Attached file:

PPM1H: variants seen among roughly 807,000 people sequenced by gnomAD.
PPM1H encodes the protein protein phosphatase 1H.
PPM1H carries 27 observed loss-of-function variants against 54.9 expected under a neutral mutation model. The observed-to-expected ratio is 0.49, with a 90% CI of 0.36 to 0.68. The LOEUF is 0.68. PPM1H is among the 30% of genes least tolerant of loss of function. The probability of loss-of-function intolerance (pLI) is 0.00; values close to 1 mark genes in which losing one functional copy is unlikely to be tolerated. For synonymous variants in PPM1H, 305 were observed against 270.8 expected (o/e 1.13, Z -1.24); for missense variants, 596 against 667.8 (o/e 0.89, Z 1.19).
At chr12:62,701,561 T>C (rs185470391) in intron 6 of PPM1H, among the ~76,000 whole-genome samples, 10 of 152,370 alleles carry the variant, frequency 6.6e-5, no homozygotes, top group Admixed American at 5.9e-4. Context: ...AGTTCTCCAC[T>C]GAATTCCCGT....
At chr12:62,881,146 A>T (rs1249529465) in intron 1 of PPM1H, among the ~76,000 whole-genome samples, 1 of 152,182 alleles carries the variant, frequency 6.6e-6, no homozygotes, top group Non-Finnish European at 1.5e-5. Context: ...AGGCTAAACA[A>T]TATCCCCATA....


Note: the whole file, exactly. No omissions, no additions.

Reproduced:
PPM1H: variants seen among roughly 807,000 people sequenced by gnomAD.
PPM1H encodes the protein protein phosphatase 1H.
PPM1H carries 27 observed loss-of-function variants against 54.9 expected under a neutral mutation model. The observed-to-expected ratio is 0.49, with a 90% CI of 0.36 to 0.68. The LOEUF is 0.68. PPM1H is among the 30% of genes least tolerant of loss of function. The probability of loss-of-function intolerance (pLI) is 0.00; values close to 1 mark genes in which losing one functional copy is unlikely to be tolerated. For synonymous variants in PPM1H, 305 were observed against 270.8 expected (o/e 1.13, Z -1.24); for missense variants, 596 against 667.8 (o/e 0.89, Z 1.19).
At chr12:62,701,561 T>C (rs185470391) in intron 6 of PPM1H, among the ~76,000 whole-genome samples, 10 of 152,370 alleles carry the variant, frequency 6.6e-5, no homozygotes, top group Admixed American at 5.9e-4. Context: ...AGTTCTCCAC[T>C]GAATTCCCGT....
At chr12:62,881,146 A>T (rs1249529465) in intron 1 of PPM1H, among the ~76,000 whole-genome samples, 1 of 152,182 alleles carries the variant, frequency 6.6e-6, no homozygotes, top group Non-Finnish European at 1.5e-5. Context: ...AGGCTAAACA[A>T]TATCCCCATA....